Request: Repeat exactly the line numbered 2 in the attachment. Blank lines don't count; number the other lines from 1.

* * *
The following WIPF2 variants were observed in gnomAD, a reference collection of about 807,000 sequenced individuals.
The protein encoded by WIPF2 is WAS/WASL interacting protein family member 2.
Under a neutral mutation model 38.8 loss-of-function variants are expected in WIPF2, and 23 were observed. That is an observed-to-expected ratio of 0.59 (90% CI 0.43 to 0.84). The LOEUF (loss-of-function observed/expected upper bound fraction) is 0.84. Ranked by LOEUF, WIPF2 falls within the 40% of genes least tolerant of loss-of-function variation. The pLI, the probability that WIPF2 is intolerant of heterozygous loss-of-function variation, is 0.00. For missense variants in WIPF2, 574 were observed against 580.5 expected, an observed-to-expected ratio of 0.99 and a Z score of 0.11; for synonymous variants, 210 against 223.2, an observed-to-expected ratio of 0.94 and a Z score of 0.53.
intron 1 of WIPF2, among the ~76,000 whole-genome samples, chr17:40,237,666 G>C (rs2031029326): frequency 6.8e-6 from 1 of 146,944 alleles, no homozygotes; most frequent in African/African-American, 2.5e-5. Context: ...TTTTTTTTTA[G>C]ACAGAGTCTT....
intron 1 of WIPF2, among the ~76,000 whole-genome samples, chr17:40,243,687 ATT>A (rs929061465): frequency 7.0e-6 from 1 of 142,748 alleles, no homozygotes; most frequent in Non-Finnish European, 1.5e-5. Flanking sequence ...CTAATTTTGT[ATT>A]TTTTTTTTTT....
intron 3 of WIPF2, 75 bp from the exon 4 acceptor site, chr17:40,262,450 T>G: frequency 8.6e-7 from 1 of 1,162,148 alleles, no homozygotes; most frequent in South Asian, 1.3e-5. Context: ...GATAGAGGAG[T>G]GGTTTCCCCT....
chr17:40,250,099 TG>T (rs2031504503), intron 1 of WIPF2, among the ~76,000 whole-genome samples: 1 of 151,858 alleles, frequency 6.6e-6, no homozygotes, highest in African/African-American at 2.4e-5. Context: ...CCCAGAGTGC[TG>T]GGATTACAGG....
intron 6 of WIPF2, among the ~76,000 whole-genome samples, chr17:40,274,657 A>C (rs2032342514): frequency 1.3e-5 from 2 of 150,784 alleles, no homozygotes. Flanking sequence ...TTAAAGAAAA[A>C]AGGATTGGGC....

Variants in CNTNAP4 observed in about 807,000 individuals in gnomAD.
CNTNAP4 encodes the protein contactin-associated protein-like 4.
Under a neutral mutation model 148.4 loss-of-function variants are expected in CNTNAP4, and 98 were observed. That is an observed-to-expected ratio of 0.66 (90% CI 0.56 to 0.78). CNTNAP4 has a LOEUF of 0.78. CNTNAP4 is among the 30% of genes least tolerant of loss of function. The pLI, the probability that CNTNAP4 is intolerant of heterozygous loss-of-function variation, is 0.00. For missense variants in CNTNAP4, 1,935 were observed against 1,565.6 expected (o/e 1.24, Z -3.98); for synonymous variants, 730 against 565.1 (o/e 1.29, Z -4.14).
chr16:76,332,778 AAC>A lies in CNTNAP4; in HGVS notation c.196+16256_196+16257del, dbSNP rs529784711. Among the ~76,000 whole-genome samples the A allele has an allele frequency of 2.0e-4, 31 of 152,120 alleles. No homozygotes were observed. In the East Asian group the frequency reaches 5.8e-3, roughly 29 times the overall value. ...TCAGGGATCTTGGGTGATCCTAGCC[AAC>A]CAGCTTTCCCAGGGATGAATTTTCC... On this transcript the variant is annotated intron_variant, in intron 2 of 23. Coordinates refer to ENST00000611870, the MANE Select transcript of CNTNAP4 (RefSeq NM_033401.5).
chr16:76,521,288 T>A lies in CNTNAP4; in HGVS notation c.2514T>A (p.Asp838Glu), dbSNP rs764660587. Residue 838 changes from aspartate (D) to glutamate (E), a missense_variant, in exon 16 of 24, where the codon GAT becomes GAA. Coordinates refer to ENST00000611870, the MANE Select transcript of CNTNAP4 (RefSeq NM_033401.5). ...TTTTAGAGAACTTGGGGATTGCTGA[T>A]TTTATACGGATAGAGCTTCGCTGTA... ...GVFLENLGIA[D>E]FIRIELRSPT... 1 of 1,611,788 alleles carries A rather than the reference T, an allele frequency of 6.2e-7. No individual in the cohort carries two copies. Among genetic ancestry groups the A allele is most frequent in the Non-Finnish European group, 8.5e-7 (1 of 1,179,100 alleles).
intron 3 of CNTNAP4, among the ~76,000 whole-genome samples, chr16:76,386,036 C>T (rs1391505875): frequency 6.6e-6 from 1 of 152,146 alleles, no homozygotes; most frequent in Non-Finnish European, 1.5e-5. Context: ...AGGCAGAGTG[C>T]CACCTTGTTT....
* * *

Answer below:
The protein encoded by WIPF2 is WAS/WASL interacting protein family member 2.